A Restaurant Community in Flux: Good or Bad?

High-profile closings—is this a crisis or standard churn?

Photo by Todd Buchanan

So, what’s going on? Are we losing our great restaurants—or are we just in a period of flux? Is it your fault? I shared my list of the openings and closings in 2017 earlier this week, and it’s easy to dwell on the closings. Lucia’s and Coup D’etat closing seems like the demise of restaurants for adults in Uptown (keep fighting, Barbette!). I miss going to the Strip Club and Saffron. I’m sad that we don’t have La Belle Vie, and that Piccolo is gone. It’s emotional! 

But is this a crisis? Is this because we’re not eating out enough, or we’re only eating burgers? I’m not so sure about that. Look at what’s opened recently on the higher end of the dining market: Spoon & Stable, Kado No Mise (and Kaiseki Furukawa!), Bellecour, Saint Dinette, Alma’s Café, Esker Grove. Bardo is new and great, Young Joni, too. We liked the Lexington, and it also seems to be thriving.

I’ve argued that we have too many restaurants for our population, and I still believe that to be true. My list of closings is only a few restaurants shy of my list of openings. I’m not counting seats, so we’ve probably lost a few. But we’ve also gained a few taprooms, and those are seats where people are hanging out instead of at restaurants. We’re also seeing a younger population of eaters that is happy to spend money on craft beer and cocktails but prefers to nibble at a number of different spots in one night, spending less on food. That’s a change—but I’m not sure it’s bad for the dining community or not.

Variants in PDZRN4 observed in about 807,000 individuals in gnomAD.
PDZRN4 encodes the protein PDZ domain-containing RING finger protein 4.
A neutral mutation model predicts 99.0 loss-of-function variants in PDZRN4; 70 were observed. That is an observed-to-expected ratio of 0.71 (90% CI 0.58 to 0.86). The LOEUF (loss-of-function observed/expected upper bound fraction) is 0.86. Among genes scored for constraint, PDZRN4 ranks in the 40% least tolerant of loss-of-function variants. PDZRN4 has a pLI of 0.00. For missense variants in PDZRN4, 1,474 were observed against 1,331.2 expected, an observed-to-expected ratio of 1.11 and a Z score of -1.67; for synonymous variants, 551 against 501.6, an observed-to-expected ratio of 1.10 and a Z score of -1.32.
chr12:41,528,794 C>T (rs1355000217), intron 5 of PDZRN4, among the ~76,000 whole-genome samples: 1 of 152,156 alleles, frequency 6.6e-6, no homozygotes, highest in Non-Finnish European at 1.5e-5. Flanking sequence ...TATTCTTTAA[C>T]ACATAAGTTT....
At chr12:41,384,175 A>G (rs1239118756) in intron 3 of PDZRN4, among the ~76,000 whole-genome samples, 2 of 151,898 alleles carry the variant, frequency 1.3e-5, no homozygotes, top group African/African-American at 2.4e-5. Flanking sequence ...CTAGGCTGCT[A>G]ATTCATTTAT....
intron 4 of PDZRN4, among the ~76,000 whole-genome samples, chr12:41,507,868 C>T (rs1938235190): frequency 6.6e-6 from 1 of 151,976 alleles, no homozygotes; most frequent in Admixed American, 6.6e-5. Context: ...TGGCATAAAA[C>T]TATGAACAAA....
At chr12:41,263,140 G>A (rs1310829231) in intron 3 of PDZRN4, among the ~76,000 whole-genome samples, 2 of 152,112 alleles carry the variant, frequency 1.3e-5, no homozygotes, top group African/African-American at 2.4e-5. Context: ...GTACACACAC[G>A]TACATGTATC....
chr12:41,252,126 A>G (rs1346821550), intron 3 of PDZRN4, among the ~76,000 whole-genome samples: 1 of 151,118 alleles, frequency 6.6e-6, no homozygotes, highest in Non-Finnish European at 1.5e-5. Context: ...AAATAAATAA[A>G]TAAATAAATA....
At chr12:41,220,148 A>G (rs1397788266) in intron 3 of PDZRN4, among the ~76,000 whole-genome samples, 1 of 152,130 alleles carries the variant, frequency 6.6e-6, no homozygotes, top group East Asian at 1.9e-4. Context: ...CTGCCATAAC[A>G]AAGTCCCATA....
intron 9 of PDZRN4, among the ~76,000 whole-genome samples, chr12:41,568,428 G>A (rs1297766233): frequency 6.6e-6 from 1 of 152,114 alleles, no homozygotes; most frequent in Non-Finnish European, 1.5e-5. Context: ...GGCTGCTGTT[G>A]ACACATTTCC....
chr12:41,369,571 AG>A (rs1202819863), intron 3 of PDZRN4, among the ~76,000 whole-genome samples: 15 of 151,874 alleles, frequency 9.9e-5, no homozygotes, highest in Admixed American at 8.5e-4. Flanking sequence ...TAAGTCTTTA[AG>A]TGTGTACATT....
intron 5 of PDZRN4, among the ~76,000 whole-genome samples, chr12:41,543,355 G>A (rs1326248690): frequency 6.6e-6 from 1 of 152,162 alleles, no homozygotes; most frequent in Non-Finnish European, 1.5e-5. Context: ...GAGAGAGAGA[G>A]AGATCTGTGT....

Are we in trouble? I don’t think so. Are there restaurants on the edge? I think most restaurants are on the edge. Are we in danger of losing what makes our dining scene noteworthy and special? Always. But we’re also constantly adding new things, each with the potential to redefine “noteworthy” and “special” going forward.